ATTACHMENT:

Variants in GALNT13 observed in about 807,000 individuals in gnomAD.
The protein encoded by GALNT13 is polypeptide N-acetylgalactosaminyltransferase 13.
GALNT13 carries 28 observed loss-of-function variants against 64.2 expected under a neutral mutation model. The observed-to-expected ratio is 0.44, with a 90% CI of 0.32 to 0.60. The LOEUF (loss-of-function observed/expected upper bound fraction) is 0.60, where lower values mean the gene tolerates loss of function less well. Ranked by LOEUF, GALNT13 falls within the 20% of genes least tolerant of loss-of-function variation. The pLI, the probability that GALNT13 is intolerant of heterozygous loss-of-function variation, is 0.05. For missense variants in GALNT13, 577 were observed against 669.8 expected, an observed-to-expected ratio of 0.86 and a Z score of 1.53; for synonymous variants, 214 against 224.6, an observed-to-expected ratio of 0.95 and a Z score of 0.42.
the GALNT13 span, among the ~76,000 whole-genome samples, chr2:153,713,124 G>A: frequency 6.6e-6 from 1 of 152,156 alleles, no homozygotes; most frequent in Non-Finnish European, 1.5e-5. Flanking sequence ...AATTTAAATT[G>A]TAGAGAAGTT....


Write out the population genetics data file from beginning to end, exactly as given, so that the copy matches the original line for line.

Variants in GALNT13 observed in about 807,000 individuals in gnomAD.
The protein encoded by GALNT13 is polypeptide N-acetylgalactosaminyltransferase 13.
GALNT13 carries 28 observed loss-of-function variants against 64.2 expected under a neutral mutation model. The observed-to-expected ratio is 0.44, with a 90% CI of 0.32 to 0.60. The LOEUF (loss-of-function observed/expected upper bound fraction) is 0.60, where lower values mean the gene tolerates loss of function less well. Ranked by LOEUF, GALNT13 falls within the 20% of genes least tolerant of loss-of-function variation. The pLI, the probability that GALNT13 is intolerant of heterozygous loss-of-function variation, is 0.05. For missense variants in GALNT13, 577 were observed against 669.8 expected, an observed-to-expected ratio of 0.86 and a Z score of 1.53; for synonymous variants, 214 against 224.6, an observed-to-expected ratio of 0.95 and a Z score of 0.42.
the GALNT13 span, among the ~76,000 whole-genome samples, chr2:153,713,124 G>A: frequency 6.6e-6 from 1 of 152,156 alleles, no homozygotes; most frequent in Non-Finnish European, 1.5e-5. Flanking sequence ...AATTTAAATT[G>A]TAGAGAAGTT....